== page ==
Nez-Lizer Administration Delivers Message of Hope & Empowerment to Black Falls Residents

Navajo Nation President Jonathan Nez, Vice President Myron Lizer, and newly appointed Executive Director for the Navajo Hopi Land Commission Office Robert K. Black, Jr. meeting with local residents in Black Falls, Ariz. on Feb. 12, 2019.

Published February 14, 2019

BLACK FALLS, Ariz. – On Tuesday, President Jonathan Nez, Vice President Myron Lizer, and newly appointed Executive Director for the Navajo Hopi Land Commission Office Robert K. Black, Jr., held an open meeting to listen to issues and concerns from local residents at the Black Falls Church, located in the area commonly known as the Former Bennett Freeze Area.

The majority of elderly Navajo people in attendance continue to be impacted by the Bennett Freeze, which was imposed by the federal government in 1966 and restricted any new development or improvements to 1.5 million acres of land that was in dispute between the Navajo Nation and Hopi Tribe. The Freeze was in place for 43 years before being lifted in 2009.

Tuesday’s meeting marked the first official visit to the area since President Nez took office in January. In his opening remarks, he delivered a message of hope and empowerment while also taking several hours to listen to local residents share their concerns over homesite leases, housing, water and power lines, uranium contamination, emergency assistance for veterans, land boundaries, economic opportunities, and others.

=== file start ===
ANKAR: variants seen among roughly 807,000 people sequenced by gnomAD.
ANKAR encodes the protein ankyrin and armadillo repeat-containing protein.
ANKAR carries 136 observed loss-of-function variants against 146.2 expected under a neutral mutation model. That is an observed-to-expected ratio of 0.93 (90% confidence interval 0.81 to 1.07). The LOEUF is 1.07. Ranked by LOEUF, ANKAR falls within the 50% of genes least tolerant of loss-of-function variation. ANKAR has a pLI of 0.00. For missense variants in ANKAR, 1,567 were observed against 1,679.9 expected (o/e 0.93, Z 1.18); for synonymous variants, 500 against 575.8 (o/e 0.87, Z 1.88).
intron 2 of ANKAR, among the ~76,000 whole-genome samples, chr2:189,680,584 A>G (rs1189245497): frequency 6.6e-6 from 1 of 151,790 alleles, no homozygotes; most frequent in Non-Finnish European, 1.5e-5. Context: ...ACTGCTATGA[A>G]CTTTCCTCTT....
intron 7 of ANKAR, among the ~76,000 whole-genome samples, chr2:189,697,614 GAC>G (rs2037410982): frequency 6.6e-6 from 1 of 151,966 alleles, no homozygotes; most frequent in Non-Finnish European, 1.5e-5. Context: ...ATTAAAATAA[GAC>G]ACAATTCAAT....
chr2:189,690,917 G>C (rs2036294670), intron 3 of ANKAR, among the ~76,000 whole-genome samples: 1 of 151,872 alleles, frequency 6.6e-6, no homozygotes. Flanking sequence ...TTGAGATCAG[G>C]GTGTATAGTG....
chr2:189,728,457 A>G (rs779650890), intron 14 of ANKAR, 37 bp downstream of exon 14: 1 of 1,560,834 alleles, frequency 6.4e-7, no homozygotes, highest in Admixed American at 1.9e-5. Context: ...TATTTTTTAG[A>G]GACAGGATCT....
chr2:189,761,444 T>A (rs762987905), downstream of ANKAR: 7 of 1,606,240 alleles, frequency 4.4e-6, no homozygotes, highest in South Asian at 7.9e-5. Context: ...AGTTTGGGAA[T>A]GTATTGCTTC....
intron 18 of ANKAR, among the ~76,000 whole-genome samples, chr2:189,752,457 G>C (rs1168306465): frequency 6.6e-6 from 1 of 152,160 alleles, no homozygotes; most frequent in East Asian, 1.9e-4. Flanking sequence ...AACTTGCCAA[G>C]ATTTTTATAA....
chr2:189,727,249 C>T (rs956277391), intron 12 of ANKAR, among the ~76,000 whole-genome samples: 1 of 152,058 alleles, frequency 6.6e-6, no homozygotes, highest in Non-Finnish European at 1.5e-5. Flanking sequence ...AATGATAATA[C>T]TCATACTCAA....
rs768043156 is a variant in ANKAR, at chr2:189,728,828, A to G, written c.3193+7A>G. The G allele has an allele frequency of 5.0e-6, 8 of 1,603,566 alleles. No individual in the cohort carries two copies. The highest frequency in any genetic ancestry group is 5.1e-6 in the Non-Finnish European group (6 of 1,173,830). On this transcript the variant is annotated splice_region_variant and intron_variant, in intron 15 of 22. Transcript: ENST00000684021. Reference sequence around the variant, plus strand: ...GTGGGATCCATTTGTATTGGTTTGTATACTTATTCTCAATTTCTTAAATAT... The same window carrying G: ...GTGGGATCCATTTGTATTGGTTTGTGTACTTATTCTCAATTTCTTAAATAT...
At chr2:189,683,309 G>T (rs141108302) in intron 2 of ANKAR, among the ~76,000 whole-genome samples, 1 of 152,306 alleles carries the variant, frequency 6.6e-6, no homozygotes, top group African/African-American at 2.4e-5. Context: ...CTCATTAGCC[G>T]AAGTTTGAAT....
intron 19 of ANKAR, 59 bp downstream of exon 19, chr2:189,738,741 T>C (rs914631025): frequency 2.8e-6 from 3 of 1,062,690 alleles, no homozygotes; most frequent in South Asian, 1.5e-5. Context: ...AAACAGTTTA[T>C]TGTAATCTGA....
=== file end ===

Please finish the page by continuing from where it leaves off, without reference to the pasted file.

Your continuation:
“Many of the people of this area have lived in dilapidated homes with no electricity or running water, but yet they are resilient and continue to live good lives,” said President Nez. “We don’t want these meetings to occur just once a year, but we want to meet with the residents on a regular basis and show results and progress.”

He also encouraged everyone in attendance to no longer refer to the communities as the “Former Bennett Freeze Area,” due to the negative connotation associated with the former Commissioner of Indian Affairs, Robert Bennett, who is responsible for signing the order in 1966 to impose the “freeze” on development.

“It’s because of this person that this occurred, so we should not continue to use his name to represent our communities, but we should refer to this area as an empowerment area with great potential for development and prosperity,” President Nez added.

President Nez and Vice President Lizer told the residents that they are aware that many studies and assessments have already been completed and that the time to take action is now.

“This area has been over-studied and I think we all know what the problems are, but now is the time to create solutions and work together to improve our communities. We might not have all the answers for you, and that’s why we need your help and your input,” stated President Nez.

Approximately 60 local residents attended the meeting and spoke about their family histories, challenges encountered, and their recommendations to resolve issues.

President Nez committed to visiting with the residents on a regular basis and providing updates and reports from division directors and other agencies to keep the public informed. The meeting also offered the communities an opportunity to meet Robert K. Black, Jr., who was appointed in January to serve as the Executive Director for the Navajo Hopi Land Commission Office.

The Nez-Lizer Administration thanked everyone for attending the meeting and offering support for the initiatives. The Office of the President and Vice President will hold another meeting to update local residents on the progress of water and power line projects.

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